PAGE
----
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U.S. under-23s: If the London-bound train gets back on track, they’ll need reinforcement

Mar 26, 2012, 10:45 AM EDT

Italy v USA - International Friendly Getty Images

Putting the ol’ cart before the horse is part of the human condition. We just can’t resist.

So we talked at will of over-aged players for the U.S. under-23 side, which we always presumed would become the U.S. Olympic side – and would therefore be positioned to summon its three, permissible over-aged incredibles.

Well, that cart and the horse went off in a ditch Saturday.

It’s just a ditch, though; nobody spilled fully over a cliff here. There’s time and opportunity to put things right tonight, move into Kansas City this weekend and book a sweaty passage to London, even if the mission is tougher today than it seemed Saturday afternoon.

Should things go horribly askew this evening and the United States fail to move forward, we’ll fill up pages with second-guess discussion points.

But bummer of bummers: supporters and media will be denied their given right to discuss and debate these over-aged selections. What a shame, too, because this is a trusty favorite of quadrennial talking points for domestic soccer fans.  It’s a real-life opportunity to play fantasy sports: you study the team, pick apart its weaker points and add feel good about adding the necessary reinforcement.

I’m quite sure Caleb Porter will appreciate the assistance.

So we cannot be denied this chance!

Especially today, as we know much more about where those three over-aged spots should go. Two qualifying matches have taught us so much.

Assumption: Landon Donovan and / or Clint Dempsey would be needed to beef up the attack, to add some veteran wile and big game experience.

Confirmation: And how. Coaches will tell you that skills get you only so far. The game requires problem solving. It’s one of the things that make soccer unique. Timeouts in basketball and the very nature of football make those a “coach’s game.” In soccer, the man on the bench can only do so much once the referee blows his whistle. The players must think their way around the chessboard. The must quickly assess: What’s working on a given day? Where are the spaces to exploit? Where are the matchup problems? Who is “feeling it.”

Potential resolution: Donovan and Dempsey possess that faculty. And, of course, they own world class ability, as well.

Assumption: Center back was an issue. Carlos Bocanegra (above right) would be required.

Confirmation: Yup.

A veteran center back seems an absolute must. But should it be Bocanegra? This one deserves further thought.

The longtime U.S. international could clearly assist back there, adding much needed organization, leadership and plenty of solid tackling. On the other hand, he’ll be 33 by this summer. His shrewd positioning can help him mitigate a clear speed advantage some of the young blazers will enjoy – but he’ll still be exposed here and there.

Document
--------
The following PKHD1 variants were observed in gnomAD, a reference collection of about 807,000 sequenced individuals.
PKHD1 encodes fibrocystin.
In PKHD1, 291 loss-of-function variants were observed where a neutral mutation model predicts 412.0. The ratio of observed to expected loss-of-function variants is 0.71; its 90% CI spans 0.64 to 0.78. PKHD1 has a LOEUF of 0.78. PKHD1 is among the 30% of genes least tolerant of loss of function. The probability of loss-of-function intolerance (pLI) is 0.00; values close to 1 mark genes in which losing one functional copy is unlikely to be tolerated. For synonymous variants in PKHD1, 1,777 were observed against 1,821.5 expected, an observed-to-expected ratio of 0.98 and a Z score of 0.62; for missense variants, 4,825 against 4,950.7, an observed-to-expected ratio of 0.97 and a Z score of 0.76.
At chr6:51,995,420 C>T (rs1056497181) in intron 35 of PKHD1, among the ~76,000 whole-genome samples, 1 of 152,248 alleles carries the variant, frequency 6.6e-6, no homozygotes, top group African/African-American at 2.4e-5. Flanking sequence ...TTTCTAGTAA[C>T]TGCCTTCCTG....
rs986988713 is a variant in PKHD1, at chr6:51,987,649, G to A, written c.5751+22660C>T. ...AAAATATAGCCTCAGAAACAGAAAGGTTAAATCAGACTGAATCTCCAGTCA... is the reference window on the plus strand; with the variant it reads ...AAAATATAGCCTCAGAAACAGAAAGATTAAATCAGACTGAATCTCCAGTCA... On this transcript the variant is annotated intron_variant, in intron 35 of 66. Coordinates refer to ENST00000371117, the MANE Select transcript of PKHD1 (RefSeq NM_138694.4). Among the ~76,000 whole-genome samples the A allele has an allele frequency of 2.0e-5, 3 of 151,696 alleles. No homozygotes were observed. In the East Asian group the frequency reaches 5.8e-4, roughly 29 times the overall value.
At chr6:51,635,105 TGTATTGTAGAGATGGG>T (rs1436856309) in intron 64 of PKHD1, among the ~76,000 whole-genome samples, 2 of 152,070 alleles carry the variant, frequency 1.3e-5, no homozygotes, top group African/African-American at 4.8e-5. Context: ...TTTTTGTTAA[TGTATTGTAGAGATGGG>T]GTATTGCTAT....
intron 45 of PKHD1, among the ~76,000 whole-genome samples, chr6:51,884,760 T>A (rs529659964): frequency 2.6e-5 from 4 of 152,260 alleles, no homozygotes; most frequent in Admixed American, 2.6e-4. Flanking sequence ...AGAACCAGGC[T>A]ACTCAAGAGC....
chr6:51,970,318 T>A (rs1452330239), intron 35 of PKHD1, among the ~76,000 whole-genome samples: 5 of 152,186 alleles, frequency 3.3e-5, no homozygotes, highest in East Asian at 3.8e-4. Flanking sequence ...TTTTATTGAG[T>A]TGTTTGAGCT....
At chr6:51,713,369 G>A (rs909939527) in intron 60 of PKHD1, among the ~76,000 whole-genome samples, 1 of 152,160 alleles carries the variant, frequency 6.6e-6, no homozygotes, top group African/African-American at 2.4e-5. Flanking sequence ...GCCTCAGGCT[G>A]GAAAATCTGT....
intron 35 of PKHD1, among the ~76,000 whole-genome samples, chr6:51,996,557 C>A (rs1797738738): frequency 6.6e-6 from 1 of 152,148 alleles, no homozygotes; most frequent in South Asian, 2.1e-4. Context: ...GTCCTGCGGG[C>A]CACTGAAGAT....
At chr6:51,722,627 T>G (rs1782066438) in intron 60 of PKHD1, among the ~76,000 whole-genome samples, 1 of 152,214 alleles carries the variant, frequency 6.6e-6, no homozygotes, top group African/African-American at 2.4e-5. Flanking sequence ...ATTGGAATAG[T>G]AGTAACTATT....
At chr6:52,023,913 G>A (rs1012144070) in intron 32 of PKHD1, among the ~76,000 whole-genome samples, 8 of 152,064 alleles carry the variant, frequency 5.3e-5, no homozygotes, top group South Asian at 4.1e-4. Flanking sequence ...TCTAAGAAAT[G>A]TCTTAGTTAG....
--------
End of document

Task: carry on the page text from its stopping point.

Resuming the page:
Plus, this will be a busy summer to the Rangers man. He’ll surely be involved in U.S. World Cup qualifying contests. And who knows what might happen with Rangers, the fiscally fallen Scottish giants, now on the verge of financial ruin? A huge summer sale-off of big contracts (like Bocanegra’s) seems imminent. Not only will Bocanegra need time to change clubs and get himself established at a new address, he’ll need some time off during the summer. And that seems difficult if he’s busy leading the London effort.

Potential resolution: Geoff Cameron or Clarence Goodson.

Assumption: The midfield is solid, so the over-aged spots can be dispersed elsewhere.

Confirmation: Not so much.

The “Mix” was off Saturday, in more ways than one. Canada’s stacked midfield reduced Mix Diskerud’s influence as a linking presence. Further, the midfield never really found its rhythm or basic construction; credit Canada’s diligence and frustrating tactics for some of that.

Jared Jeffrey as the lone holding man never adjusted accordingly, never “found” the game he was in, giving away too many balls and failing to make a difference on the attack.

Potential resolution: Where is the United States’ particularly strong at the full international level? Central midfield. So, Michael Bradley, anyone? For that matter, Jermaine Jones, Maurice Edu or Kyle Beckerman might move things in the right direction.

  1. gabyguti15 - Mar 26, 2012 at 2:58 PM

    I’d pick bocanegra, michael Bradley, and Clint Dempsey as my 3. Any body else care about soccer?

  2. footballer4ever - Mar 27, 2012 at 12:48 AM

    This is the olympics and FiIFA and most football federations do not put emphasis on it as they would do the WorldCup. Having said that, the olympics can act as a warm up experience for players to develop , grow and experience what a footballer can be exposed to.

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